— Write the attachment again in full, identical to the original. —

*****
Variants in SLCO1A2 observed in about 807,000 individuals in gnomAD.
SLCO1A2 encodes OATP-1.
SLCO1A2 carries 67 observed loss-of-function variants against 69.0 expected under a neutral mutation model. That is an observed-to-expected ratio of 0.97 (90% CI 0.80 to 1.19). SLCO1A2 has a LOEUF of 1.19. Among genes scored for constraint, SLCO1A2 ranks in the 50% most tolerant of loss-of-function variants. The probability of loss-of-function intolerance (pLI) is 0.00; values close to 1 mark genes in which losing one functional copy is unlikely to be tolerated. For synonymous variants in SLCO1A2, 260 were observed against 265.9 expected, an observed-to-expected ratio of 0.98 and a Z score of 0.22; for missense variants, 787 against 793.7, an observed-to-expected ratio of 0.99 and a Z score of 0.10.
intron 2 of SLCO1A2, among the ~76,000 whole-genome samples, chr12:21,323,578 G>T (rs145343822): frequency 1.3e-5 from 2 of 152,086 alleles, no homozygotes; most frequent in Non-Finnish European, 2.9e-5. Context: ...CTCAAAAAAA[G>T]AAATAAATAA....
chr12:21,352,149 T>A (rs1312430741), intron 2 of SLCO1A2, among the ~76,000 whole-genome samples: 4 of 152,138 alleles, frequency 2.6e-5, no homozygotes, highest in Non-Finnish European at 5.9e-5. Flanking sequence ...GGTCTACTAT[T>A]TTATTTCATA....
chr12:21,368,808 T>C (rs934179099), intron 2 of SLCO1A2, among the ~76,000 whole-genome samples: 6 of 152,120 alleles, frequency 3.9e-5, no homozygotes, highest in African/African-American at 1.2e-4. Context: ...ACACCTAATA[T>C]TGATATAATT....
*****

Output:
Variants in SLCO1A2 observed in about 807,000 individuals in gnomAD.
SLCO1A2 encodes OATP-1.
SLCO1A2 carries 67 observed loss-of-function variants against 69.0 expected under a neutral mutation model. That is an observed-to-expected ratio of 0.97 (90% CI 0.80 to 1.19). SLCO1A2 has a LOEUF of 1.19. Among genes scored for constraint, SLCO1A2 ranks in the 50% most tolerant of loss-of-function variants. The probability of loss-of-function intolerance (pLI) is 0.00; values close to 1 mark genes in which losing one functional copy is unlikely to be tolerated. For synonymous variants in SLCO1A2, 260 were observed against 265.9 expected, an observed-to-expected ratio of 0.98 and a Z score of 0.22; for missense variants, 787 against 793.7, an observed-to-expected ratio of 0.99 and a Z score of 0.10.
intron 2 of SLCO1A2, among the ~76,000 whole-genome samples, chr12:21,323,578 G>T (rs145343822): frequency 1.3e-5 from 2 of 152,086 alleles, no homozygotes; most frequent in Non-Finnish European, 2.9e-5. Context: ...CTCAAAAAAA[G>T]AAATAAATAA....
chr12:21,352,149 T>A (rs1312430741), intron 2 of SLCO1A2, among the ~76,000 whole-genome samples: 4 of 152,138 alleles, frequency 2.6e-5, no homozygotes, highest in Non-Finnish European at 5.9e-5. Flanking sequence ...GGTCTACTAT[T>A]TTATTTCATA....
chr12:21,368,808 T>C (rs934179099), intron 2 of SLCO1A2, among the ~76,000 whole-genome samples: 6 of 152,120 alleles, frequency 3.9e-5, no homozygotes, highest in African/African-American at 1.2e-4. Context: ...ACACCTAATA[T>C]TGATATAATT....